The "Rustylocks" Economy
Throughout last year and heading into the pivotal autumn period we continuously examined the data and saw a healthy trend emerge for the U.S. corporate outlook as bankruptcies by publicly listed companies were on the wane and the momentum, relative strength, earnings-per-share, p/e, yield, and other data suggested that the worst was over for the corporate sector and that a recovery was underway.
You may recall that this was at a time when there was a tremendous amount of bearish sentiment throughout the financial press and Internet community. You could hardly visit any financial-related website or read a newsletter without being bombarded with bearishness over the supposedly "bleak" corporate outlook. We stood virtually alone in forecasting a recovery for these companies and our outlook was rewarded as earnings and share prices took off later in the year.
But in this volatile and increasingly global financial system, things change today a lot faster than they did in years past. While many companies are sitting on still healthy levels of cash, the individual consumer is in a less enviable position than he was earlier as we enter the half-way point of the decade in this "trading range economy." What that term implies is that the fortunes of consumers (demand) and companies (supply) will shift every couple of years as the Fed is faced with the unenviable task of having to try to balance the economy from the forces of global deflation while at the same time preventing asset price inflation from getting out of hand. Net effect: a trading range in many key commodities and to some degree, the stock market.
The U.S. consumer has had his day in the sun in the earlier part of this decade and up until now. New evidence suggests that the consumer-based economy will begin struggling in the next year or two ahead as consumers deal with the excesses built up from the late '90s/early 2000s excess liquidity and consumer credit binge. It's not even possible to turn on the T.V. or radio without hearing a commercial advertising consumer debt relief services. The "get out of debt" trend has been accelerating these past couple of years and it's starting to show as consumers cut back on credit card purchases (as the latest statistics have shown). This contraction in consumer debt does not bode well for the retail sector in the 1-2 years ahead.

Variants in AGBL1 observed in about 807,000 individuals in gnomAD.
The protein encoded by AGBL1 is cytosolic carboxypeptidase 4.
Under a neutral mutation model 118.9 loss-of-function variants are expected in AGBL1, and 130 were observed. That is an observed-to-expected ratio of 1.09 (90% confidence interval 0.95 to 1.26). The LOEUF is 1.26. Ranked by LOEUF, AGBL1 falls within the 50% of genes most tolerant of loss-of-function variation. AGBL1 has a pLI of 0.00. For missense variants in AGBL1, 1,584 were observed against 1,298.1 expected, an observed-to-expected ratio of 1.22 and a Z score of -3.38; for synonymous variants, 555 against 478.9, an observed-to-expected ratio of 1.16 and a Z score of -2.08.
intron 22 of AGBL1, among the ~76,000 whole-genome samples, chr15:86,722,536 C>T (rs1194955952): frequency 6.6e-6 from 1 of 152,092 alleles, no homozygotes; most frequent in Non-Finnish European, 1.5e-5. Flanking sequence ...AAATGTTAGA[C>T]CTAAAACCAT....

Speaking of retail, the latest retail sales statistic was released Feb. 15 and the number came in bearish. In fact, a mild uptrend line extending from the late 2001 period has now been violated. This suggests there are some cracks in the retail economy that are starting to grow, but so far have escaped the notice of the U.S. mainstream press (surprise, surprise!) Check out my rendition of the chart below (courtesy of BullandBearWise.com).
On the other hand, as many companies across many sectors suffered through a long phase of contraction during this same period when the consumer-based economy was being rescued by the Fed, the producer-based economy has experienced a resurgence and those old wounds should continue to heal in the year or so ahead as capital expenditures are likely to continue and the commodity price boom of the past two years helps the "old economy" producers restore depleted cash reserves.
In other words, what we are likely to begin seeing over the next several months is the reverse of the late '90s "Goldilocks" economy. "Goldilocks" was based on a strong consumer economy with exceptional strength coming from the expanding retail sector at that time and continuing into the earlier part of this decade (thanks in large part to the Fed). But it may be time for Goldilocks to give way to her less attractive counterpart, "Rusylocks." Rustylocks is far less favorable to the consumer-based economy, although she is accommodative to the producer-based economy (including to the metals-based producers as her name implies).
After bearing the brunt of the recession earlier this decade, the producers are getting a much-needed respite. The recovery in corporate profits, not to mention exports of U.S.-based companies, has rescued the producer-based economy at a time when it was desperately needed. To this end, the decline in the dollar index was a real boon to domestic producers as it increased the value of exports and helped them become more competitive in the emerging global economy. Dollar/gold manipulation will likely continue in the foreseeable future as the task of keeping the domestic economy afloat continues to be a prime objective of the Fed as the critical phase of global economic integration now underway is fully implemented.